Vector TD (PlayStation Minis) Review – Popular Candystand TD Now A Mini

Vector TD has been a very popular Flash Tower Defence game at for the past couple of years or so, one of several by David Scott, and it’s now made the transition to PSP and PS3 as a mini. Pretty much everything has remained intact from the online version, although obviously, the controls have had to be changed from the original mouse-based system.

The minis version of the game has eight maps, divided into Beginner, Normal and Extreme, and all the tower and enemy types from the original Flash game.

According to the futuristic storyline, the year is 2067, and the earth has been attacked by aliens called Vectoids. Vectoid TD is a computer simulation program that has been designed to train commanders in how to defend the earth’s key facilities from the Vectoids.

Basically what this means is that you must strategically place towers on the map grid in order to destroy the waves of Vectoids emanating from the entrance and stop them reaching the exit.

For every Vectoid that escapes through the red exit, you lose a life, and you only start with 20 lives to begin with, although you can buy more with bonuses. The levels start off fairly slow and easy but get faster and faster as you progress. Even if you’re handling the Vectoids with consummate ease at the start, you’ll need to place and prepare sufficient towers for when the going gets really tough.

There are 50 waves of Vectoids in total to defeat. You can choose to either have the wave start automatically, or turn off the Auto option and start each wave yourself when you’ve defeated the previous one by pressing Triangle. Obviously, the latter method gives you more time to think and plan your defense strategy.

There are seven sub-species of Vectoid in all, all of which have different strengths and weaknesses. Green Flyers, for example, are very vulnerable to green lasers, but resistant to red ones, whereas the annoying Yellow Sprinters live up to their name by moving very fast, but can be slowed down by blue lasers. For this reason, it’s a good idea to have an even spread of different tower types throughout the map to prepare for every eventuality.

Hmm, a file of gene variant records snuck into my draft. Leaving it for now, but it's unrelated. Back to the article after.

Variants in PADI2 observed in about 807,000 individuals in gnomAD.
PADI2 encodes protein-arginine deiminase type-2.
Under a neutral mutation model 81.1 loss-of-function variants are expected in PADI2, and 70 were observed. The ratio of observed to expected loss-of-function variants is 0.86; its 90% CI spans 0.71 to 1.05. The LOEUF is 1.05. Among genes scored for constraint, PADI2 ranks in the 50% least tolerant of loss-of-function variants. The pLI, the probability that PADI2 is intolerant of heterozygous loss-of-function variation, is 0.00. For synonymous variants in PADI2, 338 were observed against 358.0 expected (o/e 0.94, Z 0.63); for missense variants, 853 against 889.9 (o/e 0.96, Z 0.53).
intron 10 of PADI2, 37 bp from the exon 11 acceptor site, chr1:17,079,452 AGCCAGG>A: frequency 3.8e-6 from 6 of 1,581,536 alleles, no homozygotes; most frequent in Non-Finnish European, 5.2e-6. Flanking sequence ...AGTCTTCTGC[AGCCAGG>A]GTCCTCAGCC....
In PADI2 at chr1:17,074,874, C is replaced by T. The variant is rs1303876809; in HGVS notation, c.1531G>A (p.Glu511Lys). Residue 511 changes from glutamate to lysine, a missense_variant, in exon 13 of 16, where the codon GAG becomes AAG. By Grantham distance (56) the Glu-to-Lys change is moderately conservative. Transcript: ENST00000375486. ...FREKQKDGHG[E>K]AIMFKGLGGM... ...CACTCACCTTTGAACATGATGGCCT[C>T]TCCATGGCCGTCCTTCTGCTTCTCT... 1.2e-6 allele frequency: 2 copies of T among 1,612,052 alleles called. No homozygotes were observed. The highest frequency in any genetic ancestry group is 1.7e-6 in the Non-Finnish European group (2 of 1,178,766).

You can purchase 11 types in all – three green, three red, three purple, and three blue, with the blue being the most expensive. Each color does a different thing, with the blue towers’ rays draining the enemy’s power and slowing them down or even making them stop, and the cool purple towers absorbing a Vectoid’s energy and blasting it back at them.

To place the towers, all you do is select an empty grid square on the map with the directional buttons and press X, then select the type of tower you want to purchase (the ones that you can’t afford will be greyed-out), also with the directional buttons, and then press X one more time. It really couldn’t be simpler.

You earn cash to buy and upgrade the towers by destroying Vectoids. If you get really desperate for cash you can always sell a tower, but it probably won’t come to that.

Every few waves you’ll see a bonus Yellow Energy Cell which you can destroy to earn Damage and Range Boosters, plus extra lives and extra interest bonus boosts.

The whole Tower Defence phenomenon revolves around planning and strategy rather than real-time action. Once you’ve set up your towers, you watch how well they do their job and tinker accordingly. This means that you don’t get that immediacy of destroying the Vectoids yourself, which might not be everyone’s cup of tea.

As far as the graphics and overall presentation of the game goes, it has a nice bright futuristic sheen to it, and the levels are well-designed, although don’t expect anything very exciting in terms of backgrounds. The Vectoids and towers are actually quite small on the PSP, but the clean lines and bold colors transfer very well to a bigger screen if you’re playing the game on PS3.

The gameplay is the usual TD stuff: you build towers, the enemy comes, the towers shoot the enemy, more enemies come, you build more towers, and so on, you get the picture! However, the strategic elements have been well-planned, and you’ll be kept fully absorbed for quite some time working out which towers work best against this or that enemy, and where’s the best place to put a tower to maximize efficiency. I actually found the gameplay to be pretty hypnotic and strangely soothing after playing for a few hours!

I’m no TD expert, but I’d say that Vector TD looks like a pretty standard example of the genre. Will it beat Fieldrunners as the standout minis TD game? Most probably not, but it gets all the core gameplay essentials right, and if that’s all you require from a TD game rather than any extra bells and whistles, then give it a try.

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